“Good bye Xeenan, take good care of yourself and Becky.”

I expected him to do the same thing, but instead he went right in for a hug, his lean arms nearly lifting me off the ground. My body became tense from the unexpected embrace, but then I relaxed and wrapped my arms around his waist. I heard him growl in my ear and I recognised one Yautja word: Isha. Not once had he ever called me by a name and I immediately knew that our friendship was more meaningful than I ever thought possible.

The Elder spoke, “He said he will always remember your wisdom and courage and thanks you for giving him and his sister a second chance at a new life.”

I squeezed Xeenan tighter, breathing in his familiar musk. A few tears escaped from my eyes, but I quickly wiped them away when the male let me go. Finally, I went to Nadar–ian’ah who wasted no time in giving me a strong hug.

“I am honoured to have met you Dakota. I know your courageous spirit will bring you many good fortunes in the years to come.”

She let me go and held out the bag.

“Don’t forget this.”

I groaned, knowing full well that the giant rat skull was inside and reluctantly took the trophy.

“Where will you go now? What will happen to them?” I asked.

“I will return to my duties at the Citadel. Most likely I will be needed to calm the uproar from the escaped slaves,” she paused and glanced at my friends, “there are many remote places on my planet. I know of a very secluded area that they can make their home. My father took me there once; it will be a hard, but liveable life for them. You have my word of honour they will be safe.”

I smiled, “I know they will. Thank you Nadar–ian’ah.”

The area around me was now dark and a cool breeze was picking up. We all seemed to simultaneously feel that before it got too hard we should go our separate ways. The Elder filed my friends back to the cloaked ship, each one taking one last glance at me before entering. I spoke out once more.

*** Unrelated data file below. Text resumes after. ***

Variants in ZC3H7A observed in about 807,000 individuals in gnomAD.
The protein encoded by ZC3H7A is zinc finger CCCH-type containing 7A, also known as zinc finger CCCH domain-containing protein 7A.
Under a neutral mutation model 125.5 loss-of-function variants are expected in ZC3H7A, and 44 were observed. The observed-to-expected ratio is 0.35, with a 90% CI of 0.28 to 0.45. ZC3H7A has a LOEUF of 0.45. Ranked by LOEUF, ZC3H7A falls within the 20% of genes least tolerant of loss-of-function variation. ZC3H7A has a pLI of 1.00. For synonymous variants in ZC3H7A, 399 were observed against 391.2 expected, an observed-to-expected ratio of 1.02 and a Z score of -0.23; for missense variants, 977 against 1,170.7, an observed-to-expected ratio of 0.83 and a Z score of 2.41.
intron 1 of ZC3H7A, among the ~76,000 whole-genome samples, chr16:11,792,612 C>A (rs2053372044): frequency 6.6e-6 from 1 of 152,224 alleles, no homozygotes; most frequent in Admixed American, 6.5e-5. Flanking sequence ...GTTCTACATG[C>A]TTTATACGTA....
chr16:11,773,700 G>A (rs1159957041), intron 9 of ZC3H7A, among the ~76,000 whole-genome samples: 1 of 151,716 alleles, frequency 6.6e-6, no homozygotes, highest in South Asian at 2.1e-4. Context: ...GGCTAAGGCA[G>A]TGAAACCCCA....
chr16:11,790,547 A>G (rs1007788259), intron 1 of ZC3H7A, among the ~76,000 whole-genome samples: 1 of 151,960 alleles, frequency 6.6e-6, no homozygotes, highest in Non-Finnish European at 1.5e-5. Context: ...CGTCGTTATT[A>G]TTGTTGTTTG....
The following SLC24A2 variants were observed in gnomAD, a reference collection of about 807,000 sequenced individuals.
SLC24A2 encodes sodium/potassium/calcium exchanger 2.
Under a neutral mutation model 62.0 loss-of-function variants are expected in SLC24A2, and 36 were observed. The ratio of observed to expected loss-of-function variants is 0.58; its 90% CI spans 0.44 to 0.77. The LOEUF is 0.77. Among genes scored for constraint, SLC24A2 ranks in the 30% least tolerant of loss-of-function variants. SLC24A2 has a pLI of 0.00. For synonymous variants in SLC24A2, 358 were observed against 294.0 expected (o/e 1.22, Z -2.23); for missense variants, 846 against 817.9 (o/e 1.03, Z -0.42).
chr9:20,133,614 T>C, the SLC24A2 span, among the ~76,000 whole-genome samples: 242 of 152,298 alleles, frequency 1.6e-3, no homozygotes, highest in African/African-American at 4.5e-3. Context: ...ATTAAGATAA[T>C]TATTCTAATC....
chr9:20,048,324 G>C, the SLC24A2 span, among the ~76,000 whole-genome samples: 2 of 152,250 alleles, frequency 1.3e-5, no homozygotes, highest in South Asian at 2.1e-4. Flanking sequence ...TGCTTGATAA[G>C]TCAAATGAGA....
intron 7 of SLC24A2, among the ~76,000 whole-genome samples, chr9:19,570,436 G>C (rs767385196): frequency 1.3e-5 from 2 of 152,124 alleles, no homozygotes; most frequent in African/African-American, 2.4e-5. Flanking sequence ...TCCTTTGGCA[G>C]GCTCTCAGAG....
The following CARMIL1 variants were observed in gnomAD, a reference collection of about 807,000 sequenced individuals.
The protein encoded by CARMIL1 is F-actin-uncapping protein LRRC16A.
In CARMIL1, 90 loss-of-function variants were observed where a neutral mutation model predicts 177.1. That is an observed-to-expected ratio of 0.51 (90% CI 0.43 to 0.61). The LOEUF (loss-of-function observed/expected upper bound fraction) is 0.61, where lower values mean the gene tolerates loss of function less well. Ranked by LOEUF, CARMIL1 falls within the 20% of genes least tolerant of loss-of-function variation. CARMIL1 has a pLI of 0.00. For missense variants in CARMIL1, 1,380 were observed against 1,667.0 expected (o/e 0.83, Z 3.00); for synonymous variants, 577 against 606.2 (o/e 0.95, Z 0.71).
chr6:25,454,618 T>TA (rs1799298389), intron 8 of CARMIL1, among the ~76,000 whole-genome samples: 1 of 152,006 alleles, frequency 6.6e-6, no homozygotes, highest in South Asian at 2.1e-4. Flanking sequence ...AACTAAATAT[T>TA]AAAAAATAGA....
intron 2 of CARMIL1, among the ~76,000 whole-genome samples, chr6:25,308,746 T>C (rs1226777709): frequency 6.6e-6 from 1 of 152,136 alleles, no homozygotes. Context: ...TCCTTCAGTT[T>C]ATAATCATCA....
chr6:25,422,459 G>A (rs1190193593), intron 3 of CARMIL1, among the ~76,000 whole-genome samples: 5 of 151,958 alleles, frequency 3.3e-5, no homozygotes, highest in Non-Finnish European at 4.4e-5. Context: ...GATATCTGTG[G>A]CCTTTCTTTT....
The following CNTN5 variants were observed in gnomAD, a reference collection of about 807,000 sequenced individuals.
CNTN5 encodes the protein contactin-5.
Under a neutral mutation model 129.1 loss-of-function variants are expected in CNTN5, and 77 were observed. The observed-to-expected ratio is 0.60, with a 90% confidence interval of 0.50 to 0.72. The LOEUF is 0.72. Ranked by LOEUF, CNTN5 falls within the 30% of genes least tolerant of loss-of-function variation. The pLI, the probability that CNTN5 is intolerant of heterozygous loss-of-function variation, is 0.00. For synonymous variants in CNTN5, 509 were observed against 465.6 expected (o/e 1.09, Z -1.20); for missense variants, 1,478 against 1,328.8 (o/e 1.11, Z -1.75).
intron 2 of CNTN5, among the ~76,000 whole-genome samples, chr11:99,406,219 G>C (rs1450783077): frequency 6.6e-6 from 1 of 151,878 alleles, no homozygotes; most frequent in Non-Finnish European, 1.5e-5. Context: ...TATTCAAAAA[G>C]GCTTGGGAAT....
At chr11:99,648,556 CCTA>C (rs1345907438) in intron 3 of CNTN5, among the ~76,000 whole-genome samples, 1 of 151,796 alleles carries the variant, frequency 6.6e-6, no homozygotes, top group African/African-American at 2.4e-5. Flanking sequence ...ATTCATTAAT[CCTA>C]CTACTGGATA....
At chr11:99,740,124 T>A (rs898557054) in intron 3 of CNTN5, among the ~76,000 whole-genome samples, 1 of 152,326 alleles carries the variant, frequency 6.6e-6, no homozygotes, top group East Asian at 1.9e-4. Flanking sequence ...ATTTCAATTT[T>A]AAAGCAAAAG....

“Good bye everyone and blessings on your new life.”

I waved and they waved back and I kept my eyes on the group until the ramp closed behind them. I jogged away from the ship as I heard the engines power up. The cloaked vessel shimmered as it hovered over the grass then in a split second it turned and silently took off into the star filled sky. I stayed outside a little longer, staring at the spot where the ship disappeared and began to think about the new life that lay ahead for the family. I was willing to bet they would build a lovely tree house in the jungle near a clear, blue stream with the children climbing trees and playing on the soft, leafy floor while Becky and Xeenan took romantic hunting trip together, and their days will end with peaceful nights of sleep. That was probably the corniest thing I had ever thought, but it was pleasant.

I looked at the black bag in one hand, the bracelet in the other and wondered about my future. By now, I’m sure the TURAIS will have gained back control of its functions and I would not be surprised if the army showed up on the doorstep any second. As for my career, it was probably out of reach now. I will never work for Weyland–Yutani Corperation again. But whatever happens to me, it could not be any worse than spending a month as a slave for the greatest hunters of the universe. If the Yautja could not break my spirit, I suppose nothing ever will.

I turned around and made my way to the house. I could see the warm glow of the inside lights as I step onto the veranda and rang the doorbell. After a few seconds Heather answered the door and did a double take, her eyes as wide as saucers. I waited for a moment and watched her mouth open and close, as if she wanted to say something but nothing was coming out. I could not stand the silence any longer.

“Hi,” I said and held up the bag, “I got you a souvenir.”